It sounds a bit cheesy written out like that. But the deed is done. This is my goal for 2014. It will require less physical action than exercising and praying and loving and reading, but I know it will be mentally challenging. I think I am up for it.

Being "book smart" has always been my "thing." I have never been good at socializing with random people. My small talk skills end abruptly at "Hi." I have never had much fashion sense. If someone told me to wear something, I only asked, "How?" and did it. I feel like I was never able to get past mediocre when it came to athletic abilities. And my mediocre is just not good enough to put on public display. So, luckily, I had my academic intelligence, my one "talent."

I am not sure what determines people's "smart" levels. Perhaps it is just some inherent capacity for knowledge and logic or maybe it is purely a hard-work mentality or maybe, more likely, it is just some balanced combination of the two. However it is come by, I knew I had it. I knew I had the potential to accomplish anything I could possibly want... in any "smart" job field I could possibly want.

But, there was obstacle one. What profession did I want? What title would I want to be identified by for the majority of my adult life? Did I want to be Sharayah the Chemist? Or maybe Sharayah the Veterinarian? How did Sharayah the Computer Programmer sound? I could be a lawyer, or an actuary, or an engineer, or a mathematician [ha, no, I could not be a mathematician]. I could be nearly anything if I put my time and effort into it. I had the potential, and I was well aware of it. I just had no strong leanings one way or the other [science! is not a specific enough leaning as it turns out].

So, since imagining myself as an adult and planning out the rest of my life was a bit daunting, I switched gears. What would I enjoy learning about? Learning was a big part of my "thing." I read. I learned. I read some more. I learned some more. Whether it was how to be a good boy scout [I once built a stable ladder out of branches and rope (for spying on the neighbors, which, I suppose, is not so boy-scout-worthy)] or how to run a chicken farm or even just how to make toothpaste... I found it all fascinating to read and learn about. And what is college but 4 years of your life dedicated to learning? I knew I would love college. I would learn new things.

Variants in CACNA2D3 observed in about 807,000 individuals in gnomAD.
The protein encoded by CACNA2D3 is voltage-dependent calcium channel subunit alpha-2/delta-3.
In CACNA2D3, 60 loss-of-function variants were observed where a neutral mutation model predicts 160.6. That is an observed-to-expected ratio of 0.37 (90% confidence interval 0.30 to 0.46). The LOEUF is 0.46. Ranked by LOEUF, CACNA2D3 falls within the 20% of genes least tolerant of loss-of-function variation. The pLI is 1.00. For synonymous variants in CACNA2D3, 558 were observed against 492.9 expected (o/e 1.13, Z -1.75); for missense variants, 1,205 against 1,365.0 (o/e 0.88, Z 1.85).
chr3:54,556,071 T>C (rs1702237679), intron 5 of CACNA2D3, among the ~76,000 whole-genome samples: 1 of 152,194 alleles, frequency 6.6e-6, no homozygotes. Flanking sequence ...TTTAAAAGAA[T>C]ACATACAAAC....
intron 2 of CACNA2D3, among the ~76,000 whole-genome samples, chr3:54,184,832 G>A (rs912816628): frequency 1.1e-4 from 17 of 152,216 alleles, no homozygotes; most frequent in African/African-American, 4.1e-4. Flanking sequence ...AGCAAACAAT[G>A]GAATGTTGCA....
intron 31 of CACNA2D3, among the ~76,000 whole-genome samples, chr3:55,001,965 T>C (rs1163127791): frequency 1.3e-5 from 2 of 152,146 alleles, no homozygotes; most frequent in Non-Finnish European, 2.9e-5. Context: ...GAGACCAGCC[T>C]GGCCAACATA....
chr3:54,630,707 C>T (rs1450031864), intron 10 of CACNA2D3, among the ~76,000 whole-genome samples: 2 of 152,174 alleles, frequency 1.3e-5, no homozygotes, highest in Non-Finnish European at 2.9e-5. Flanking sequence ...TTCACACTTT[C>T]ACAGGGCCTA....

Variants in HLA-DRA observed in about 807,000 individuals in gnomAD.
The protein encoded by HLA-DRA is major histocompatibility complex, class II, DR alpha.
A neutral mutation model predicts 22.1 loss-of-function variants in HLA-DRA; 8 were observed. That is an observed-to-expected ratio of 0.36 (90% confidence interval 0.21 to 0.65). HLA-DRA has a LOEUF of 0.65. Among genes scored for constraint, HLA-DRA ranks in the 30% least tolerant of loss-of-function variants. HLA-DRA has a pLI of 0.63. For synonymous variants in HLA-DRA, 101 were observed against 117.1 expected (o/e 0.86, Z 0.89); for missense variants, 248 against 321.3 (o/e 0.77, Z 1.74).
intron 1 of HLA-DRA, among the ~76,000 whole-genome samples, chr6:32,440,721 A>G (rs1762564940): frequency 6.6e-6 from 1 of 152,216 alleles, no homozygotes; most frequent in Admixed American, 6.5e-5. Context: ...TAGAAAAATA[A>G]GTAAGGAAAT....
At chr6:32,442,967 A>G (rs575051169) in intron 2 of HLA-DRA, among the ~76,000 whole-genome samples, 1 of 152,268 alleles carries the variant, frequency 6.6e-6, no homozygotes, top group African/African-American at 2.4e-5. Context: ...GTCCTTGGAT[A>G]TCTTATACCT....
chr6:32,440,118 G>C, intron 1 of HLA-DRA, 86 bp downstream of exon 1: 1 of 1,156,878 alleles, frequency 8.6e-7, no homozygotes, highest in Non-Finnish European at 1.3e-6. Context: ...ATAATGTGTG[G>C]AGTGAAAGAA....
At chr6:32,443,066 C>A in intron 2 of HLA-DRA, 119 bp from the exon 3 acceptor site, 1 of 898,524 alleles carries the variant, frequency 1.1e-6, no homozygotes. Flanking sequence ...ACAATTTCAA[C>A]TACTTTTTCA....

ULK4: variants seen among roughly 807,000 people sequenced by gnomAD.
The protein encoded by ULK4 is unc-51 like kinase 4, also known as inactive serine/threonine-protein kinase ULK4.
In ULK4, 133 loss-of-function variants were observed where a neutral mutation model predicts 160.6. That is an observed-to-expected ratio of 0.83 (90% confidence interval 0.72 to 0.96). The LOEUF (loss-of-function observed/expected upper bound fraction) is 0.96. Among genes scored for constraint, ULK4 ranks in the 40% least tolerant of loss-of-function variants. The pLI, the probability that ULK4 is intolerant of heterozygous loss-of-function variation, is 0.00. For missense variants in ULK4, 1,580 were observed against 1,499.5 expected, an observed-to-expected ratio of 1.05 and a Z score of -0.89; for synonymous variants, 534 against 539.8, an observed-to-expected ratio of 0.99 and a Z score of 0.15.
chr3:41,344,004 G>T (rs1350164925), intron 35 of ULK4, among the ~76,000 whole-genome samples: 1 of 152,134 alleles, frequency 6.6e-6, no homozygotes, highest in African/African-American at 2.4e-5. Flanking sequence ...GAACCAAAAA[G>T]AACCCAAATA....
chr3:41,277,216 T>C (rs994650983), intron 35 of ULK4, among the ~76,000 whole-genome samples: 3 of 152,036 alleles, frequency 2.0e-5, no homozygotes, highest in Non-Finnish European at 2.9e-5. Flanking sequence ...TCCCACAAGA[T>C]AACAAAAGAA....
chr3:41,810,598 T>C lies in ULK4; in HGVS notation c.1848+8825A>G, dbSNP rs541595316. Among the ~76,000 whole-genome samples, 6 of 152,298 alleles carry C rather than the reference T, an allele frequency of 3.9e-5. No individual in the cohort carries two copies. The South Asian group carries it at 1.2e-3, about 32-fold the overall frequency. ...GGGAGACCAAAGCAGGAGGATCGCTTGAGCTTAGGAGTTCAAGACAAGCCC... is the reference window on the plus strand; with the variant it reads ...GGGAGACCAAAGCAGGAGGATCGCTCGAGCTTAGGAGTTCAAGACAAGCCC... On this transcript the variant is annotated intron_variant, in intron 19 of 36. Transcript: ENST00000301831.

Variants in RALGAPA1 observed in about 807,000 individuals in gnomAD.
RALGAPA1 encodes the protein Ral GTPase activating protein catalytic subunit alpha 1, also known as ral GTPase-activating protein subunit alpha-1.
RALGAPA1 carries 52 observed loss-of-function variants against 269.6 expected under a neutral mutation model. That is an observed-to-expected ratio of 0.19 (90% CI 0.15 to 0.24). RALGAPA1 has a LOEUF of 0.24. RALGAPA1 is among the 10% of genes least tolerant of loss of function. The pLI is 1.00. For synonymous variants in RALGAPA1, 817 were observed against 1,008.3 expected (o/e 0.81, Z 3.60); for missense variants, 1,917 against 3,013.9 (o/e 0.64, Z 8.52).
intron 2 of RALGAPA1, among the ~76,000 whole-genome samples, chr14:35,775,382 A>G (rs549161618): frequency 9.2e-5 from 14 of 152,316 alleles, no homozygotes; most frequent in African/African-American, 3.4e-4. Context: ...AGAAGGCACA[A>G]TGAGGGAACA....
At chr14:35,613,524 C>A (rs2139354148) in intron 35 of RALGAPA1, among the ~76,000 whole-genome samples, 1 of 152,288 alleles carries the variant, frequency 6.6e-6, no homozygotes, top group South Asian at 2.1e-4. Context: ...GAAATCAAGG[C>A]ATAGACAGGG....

Armed with my excitement to learn, I chose to learn about engineering. It was a good solid "smart" choice of a field. Smart people became engineers. What an excellent choice. So, off to ORU I went. It was like living in a gigantic book-come-to-life. Learning was everywhere.

One of the first things I learned was that I wasn't as smart as my SAT scores may have led me to believe. Nearly every single one of my friends was a better student than I was. They got better grades. They understood things quicker. They also all were "learners" and being "smart" was their "thing." I was not special by any stretch of the imagination. They all were aspiring doctors and programmers and engineers and lawyers, and for good reason:  They all seemed to know what they wanted to do/be, and they were all smart enough to be able to achieve it.

And then there was me. I was learning new things in all of my classes, but I still had no strong ambitions one way or the other for a profession. I knew I could do anything, but I had nothing I truly wanted to do. I felt completely devoid of ambition and 10-year plans and professional aspirations. My "I'll just learn things!" mentality sounded absolutely stupid, but what could I do but carry through with it?